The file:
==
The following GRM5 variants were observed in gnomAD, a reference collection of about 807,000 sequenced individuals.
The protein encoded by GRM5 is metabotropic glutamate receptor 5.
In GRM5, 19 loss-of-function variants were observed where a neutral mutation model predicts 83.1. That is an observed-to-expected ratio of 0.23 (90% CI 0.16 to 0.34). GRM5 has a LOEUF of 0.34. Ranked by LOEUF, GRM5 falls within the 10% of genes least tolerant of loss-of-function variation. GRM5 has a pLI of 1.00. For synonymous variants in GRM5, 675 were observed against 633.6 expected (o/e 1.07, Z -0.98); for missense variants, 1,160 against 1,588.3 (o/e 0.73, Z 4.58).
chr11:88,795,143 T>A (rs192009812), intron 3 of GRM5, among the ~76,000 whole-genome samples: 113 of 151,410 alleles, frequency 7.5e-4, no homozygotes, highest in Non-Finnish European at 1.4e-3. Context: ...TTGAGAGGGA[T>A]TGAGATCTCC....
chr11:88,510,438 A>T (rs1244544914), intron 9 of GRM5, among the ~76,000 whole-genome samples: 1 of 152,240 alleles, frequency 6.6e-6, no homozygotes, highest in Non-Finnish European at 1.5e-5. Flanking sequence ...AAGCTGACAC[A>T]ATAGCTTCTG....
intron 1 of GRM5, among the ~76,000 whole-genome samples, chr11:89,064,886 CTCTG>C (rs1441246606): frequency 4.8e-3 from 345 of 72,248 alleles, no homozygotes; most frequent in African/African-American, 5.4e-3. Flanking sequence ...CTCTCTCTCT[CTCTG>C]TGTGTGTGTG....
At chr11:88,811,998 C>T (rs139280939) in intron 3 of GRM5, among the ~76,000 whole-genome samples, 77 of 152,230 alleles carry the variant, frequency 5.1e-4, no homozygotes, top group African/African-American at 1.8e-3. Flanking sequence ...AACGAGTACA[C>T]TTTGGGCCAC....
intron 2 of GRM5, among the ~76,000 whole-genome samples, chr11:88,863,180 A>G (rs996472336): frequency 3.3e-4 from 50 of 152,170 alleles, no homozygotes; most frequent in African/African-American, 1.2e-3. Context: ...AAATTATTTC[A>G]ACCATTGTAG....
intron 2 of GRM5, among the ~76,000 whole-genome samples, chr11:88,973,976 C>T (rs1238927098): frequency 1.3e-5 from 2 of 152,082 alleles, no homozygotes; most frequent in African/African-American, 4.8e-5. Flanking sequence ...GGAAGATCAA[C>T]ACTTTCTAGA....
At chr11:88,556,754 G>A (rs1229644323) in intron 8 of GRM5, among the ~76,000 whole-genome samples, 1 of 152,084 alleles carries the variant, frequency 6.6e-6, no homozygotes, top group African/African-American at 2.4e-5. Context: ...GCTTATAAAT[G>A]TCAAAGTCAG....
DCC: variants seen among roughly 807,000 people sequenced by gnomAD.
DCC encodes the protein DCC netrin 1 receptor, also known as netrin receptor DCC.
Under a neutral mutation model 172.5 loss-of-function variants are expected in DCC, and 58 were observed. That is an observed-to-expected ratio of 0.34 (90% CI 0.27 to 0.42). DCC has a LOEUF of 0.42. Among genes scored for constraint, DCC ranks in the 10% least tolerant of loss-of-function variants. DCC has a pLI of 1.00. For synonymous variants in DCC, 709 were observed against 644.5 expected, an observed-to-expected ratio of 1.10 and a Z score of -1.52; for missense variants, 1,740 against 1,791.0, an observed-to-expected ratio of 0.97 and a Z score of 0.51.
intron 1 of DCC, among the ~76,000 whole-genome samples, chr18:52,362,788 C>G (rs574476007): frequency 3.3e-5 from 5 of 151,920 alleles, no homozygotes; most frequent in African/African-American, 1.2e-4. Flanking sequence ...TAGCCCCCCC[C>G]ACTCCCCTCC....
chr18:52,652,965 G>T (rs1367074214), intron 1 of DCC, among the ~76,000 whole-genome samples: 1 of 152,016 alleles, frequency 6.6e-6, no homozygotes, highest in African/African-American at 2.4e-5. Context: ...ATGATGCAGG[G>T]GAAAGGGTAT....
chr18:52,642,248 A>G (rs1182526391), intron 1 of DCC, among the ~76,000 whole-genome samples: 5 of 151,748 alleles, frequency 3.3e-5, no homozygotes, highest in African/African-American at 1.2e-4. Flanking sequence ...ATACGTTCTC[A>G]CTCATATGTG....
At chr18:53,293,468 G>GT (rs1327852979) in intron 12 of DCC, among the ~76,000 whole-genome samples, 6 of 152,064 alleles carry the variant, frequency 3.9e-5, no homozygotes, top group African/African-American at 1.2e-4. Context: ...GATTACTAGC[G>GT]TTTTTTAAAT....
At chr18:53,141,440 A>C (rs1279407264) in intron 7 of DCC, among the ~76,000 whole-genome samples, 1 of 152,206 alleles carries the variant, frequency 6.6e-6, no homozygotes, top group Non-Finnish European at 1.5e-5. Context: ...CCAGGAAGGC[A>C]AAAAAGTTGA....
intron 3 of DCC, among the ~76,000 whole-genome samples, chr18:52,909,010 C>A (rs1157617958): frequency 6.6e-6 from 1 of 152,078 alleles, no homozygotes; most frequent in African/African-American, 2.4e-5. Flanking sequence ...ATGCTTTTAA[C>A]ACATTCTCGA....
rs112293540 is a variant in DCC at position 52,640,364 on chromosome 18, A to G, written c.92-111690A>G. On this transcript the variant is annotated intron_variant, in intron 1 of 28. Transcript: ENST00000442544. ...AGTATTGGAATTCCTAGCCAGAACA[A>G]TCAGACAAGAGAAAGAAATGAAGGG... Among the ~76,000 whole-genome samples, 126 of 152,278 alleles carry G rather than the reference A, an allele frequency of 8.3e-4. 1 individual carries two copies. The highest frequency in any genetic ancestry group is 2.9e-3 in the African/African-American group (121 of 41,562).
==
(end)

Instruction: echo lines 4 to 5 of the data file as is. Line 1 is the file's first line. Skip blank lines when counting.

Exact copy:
chr11:88,795,143 T>A (rs192009812), intron 3 of GRM5, among the ~76,000 whole-genome samples: 113 of 151,410 alleles, frequency 7.5e-4, no homozygotes, highest in Non-Finnish European at 1.4e-3. Context: ...TTGAGAGGGA[T>A]TGAGATCTCC....
chr11:88,510,438 A>T (rs1244544914), intron 9 of GRM5, among the ~76,000 whole-genome samples: 1 of 152,240 alleles, frequency 6.6e-6, no homozygotes, highest in Non-Finnish European at 1.5e-5. Flanking sequence ...AAGCTGACAC[A>T]ATAGCTTCTG....